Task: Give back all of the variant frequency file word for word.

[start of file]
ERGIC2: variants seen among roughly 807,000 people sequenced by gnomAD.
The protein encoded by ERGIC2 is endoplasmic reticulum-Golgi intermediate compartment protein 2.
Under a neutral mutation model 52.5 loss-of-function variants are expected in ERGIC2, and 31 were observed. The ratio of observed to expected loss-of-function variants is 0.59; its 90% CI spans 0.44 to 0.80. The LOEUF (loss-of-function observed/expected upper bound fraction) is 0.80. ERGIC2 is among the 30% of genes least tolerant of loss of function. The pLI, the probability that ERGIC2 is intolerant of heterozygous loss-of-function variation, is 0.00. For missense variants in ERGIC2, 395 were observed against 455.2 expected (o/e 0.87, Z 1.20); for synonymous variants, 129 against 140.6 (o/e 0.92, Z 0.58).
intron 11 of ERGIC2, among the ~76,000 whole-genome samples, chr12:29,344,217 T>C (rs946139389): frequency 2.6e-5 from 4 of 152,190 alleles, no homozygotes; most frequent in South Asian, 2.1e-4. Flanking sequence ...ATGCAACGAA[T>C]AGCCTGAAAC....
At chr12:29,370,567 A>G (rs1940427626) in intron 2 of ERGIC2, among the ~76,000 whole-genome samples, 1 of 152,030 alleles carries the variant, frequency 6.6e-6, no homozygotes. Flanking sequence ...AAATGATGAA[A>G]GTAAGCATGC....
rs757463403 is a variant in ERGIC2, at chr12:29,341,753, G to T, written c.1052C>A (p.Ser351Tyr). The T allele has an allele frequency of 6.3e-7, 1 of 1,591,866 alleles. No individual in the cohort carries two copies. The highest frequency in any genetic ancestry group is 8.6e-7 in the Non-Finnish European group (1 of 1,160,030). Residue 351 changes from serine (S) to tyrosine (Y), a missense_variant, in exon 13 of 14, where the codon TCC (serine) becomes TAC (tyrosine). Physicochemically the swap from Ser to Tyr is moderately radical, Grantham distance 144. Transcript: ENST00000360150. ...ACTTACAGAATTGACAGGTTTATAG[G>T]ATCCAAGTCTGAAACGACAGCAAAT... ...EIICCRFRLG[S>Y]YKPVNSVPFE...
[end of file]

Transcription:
ERGIC2: variants seen among roughly 807,000 people sequenced by gnomAD.
The protein encoded by ERGIC2 is endoplasmic reticulum-Golgi intermediate compartment protein 2.
Under a neutral mutation model 52.5 loss-of-function variants are expected in ERGIC2, and 31 were observed. The ratio of observed to expected loss-of-function variants is 0.59; its 90% CI spans 0.44 to 0.80. The LOEUF (loss-of-function observed/expected upper bound fraction) is 0.80. ERGIC2 is among the 30% of genes least tolerant of loss of function. The pLI, the probability that ERGIC2 is intolerant of heterozygous loss-of-function variation, is 0.00. For missense variants in ERGIC2, 395 were observed against 455.2 expected (o/e 0.87, Z 1.20); for synonymous variants, 129 against 140.6 (o/e 0.92, Z 0.58).
intron 11 of ERGIC2, among the ~76,000 whole-genome samples, chr12:29,344,217 T>C (rs946139389): frequency 2.6e-5 from 4 of 152,190 alleles, no homozygotes; most frequent in South Asian, 2.1e-4. Flanking sequence ...ATGCAACGAA[T>C]AGCCTGAAAC....
At chr12:29,370,567 A>G (rs1940427626) in intron 2 of ERGIC2, among the ~76,000 whole-genome samples, 1 of 152,030 alleles carries the variant, frequency 6.6e-6, no homozygotes. Flanking sequence ...AAATGATGAA[A>G]GTAAGCATGC....
rs757463403 is a variant in ERGIC2, at chr12:29,341,753, G to T, written c.1052C>A (p.Ser351Tyr). The T allele has an allele frequency of 6.3e-7, 1 of 1,591,866 alleles. No individual in the cohort carries two copies. The highest frequency in any genetic ancestry group is 8.6e-7 in the Non-Finnish European group (1 of 1,160,030). Residue 351 changes from serine (S) to tyrosine (Y), a missense_variant, in exon 13 of 14, where the codon TCC (serine) becomes TAC (tyrosine). Physicochemically the swap from Ser to Tyr is moderately radical, Grantham distance 144. Transcript: ENST00000360150. ...ACTTACAGAATTGACAGGTTTATAG[G>T]ATCCAAGTCTGAAACGACAGCAAAT... ...EIICCRFRLG[S>Y]YKPVNSVPFE...